Our surgical team, directed by Dr. Kenneth Liechty, closed the cyst on the lymph node (sclerotherapy). The team performed a pleurodesis, a surgical procedure that prevents further fluid buildup around the lungs, which was our one hope for his recovery.
When he left for his surgery, I literally watched the seconds on the clock – for hours. When the doctor finally came back to tell us Noah had recovered from the anesthesia, it was like jumping into a pool of relief. We wouldn’t know for almost a week whether or not the surgery had worked – and I waffled between wanting to watch him every second of every day and wanting to ostracize myself because I couldn't stand the moment-to-moment stress of waiting to see if his lymphatic leak was slowing. I still remember the moment that the surgery team came back into our room to make sure the chest tube was properly placed – the surgery, they said, appeared to have fully stopped the symptoms. I think that was the moment my heart started to beat again. Follow up was a need, but they expressed optimism. I started to think that maybe Noah was in this thing to win it.
From that moment, the life-threatening gloom began to lift, with the possibility that Noah would make a recovery. And he did. It took almost a month for Noah's little body to recover, and every step was met with cautious optimism, hyper-vigilance, and creative problem solving from his doctors. Our physician team did an amazing job of prioritizing our worries while being supportive and honest about the gravity of his situation. It was a godsend to our family that our surgeon had successfully treated a case like Noah's before, knew what to look for, and understood what interventions worked.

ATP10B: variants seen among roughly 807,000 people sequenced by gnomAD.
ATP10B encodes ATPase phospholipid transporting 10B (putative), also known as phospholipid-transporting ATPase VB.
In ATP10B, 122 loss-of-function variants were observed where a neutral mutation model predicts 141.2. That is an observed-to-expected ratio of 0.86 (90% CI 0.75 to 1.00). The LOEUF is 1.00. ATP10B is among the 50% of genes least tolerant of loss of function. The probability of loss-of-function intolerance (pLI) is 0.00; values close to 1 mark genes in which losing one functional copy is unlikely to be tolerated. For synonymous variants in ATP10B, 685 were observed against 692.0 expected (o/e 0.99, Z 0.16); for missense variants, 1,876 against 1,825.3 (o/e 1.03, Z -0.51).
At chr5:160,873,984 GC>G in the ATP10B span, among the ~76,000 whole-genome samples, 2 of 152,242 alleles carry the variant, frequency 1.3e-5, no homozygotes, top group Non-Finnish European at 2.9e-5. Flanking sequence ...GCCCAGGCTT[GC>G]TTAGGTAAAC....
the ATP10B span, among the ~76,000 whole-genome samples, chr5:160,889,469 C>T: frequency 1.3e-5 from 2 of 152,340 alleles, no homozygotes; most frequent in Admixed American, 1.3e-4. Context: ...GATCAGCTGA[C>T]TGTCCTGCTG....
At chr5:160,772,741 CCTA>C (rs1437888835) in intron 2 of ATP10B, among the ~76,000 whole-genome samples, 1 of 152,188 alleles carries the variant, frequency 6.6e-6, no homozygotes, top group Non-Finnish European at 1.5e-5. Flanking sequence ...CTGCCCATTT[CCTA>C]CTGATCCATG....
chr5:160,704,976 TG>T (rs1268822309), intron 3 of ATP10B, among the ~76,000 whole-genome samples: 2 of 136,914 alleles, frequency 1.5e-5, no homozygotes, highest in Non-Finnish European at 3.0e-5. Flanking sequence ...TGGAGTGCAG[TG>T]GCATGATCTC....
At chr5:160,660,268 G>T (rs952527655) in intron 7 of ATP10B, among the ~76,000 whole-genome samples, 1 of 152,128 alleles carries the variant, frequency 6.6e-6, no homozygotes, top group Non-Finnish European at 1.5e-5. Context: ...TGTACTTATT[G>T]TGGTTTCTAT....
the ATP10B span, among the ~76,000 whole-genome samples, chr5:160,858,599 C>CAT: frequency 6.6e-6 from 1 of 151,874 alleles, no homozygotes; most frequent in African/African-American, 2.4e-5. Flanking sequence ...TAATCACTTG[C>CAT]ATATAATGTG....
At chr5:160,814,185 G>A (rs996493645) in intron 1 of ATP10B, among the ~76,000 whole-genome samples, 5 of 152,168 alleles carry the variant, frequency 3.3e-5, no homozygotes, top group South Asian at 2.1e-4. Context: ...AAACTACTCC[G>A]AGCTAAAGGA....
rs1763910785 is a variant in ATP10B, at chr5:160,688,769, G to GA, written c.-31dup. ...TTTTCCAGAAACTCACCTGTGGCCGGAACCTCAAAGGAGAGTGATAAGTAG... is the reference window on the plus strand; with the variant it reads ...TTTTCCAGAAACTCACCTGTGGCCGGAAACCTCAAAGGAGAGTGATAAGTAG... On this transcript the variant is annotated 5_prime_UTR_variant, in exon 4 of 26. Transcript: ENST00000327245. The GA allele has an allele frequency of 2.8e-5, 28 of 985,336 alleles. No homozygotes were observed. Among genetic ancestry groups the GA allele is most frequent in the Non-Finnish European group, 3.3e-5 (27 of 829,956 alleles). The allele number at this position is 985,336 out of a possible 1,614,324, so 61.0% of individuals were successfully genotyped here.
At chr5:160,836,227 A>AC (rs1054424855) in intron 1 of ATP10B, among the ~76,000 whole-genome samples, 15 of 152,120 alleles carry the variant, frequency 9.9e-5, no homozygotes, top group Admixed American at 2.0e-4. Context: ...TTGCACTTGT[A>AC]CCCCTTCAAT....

Our surgeon, Dr. Liechty, likes to tell us this is a 'turtle race' – and it’s true. Because of the severity of Noah’s condition, we have months and likely years of out-patient visits and vigilance on our part to watch for any signs of additionally needed treatment. In the meantime, after more than a month in the NICU (a month and a half after entering the hospital), the words 'going home' were never sweeter.
Noah wouldn't have recovered without the competency and collaboration between many different teams – neonatology, hematology, genetics, and surgery. When our baby’s life was on the line, these physicians took the time to personally talk to our family, to answer the hard questions, and to ensure we were coping with the realities of the situation – at the same time helping us process what we were feeling with the stress of a gravely ill child. We are forever grateful.
As for our little fighter, Noah beat expectations at every turn – which I can only attribute to his rebel spirit, and his doctors' care. He is so strong, yet even months later I can't think about how much he went through to get a chance at life without tearing up. Noah will never remember he was so sick. He won’t know he was so close to the possibility of death, and for that I’m also grateful.
I think I will carry it with me enough for the two of us.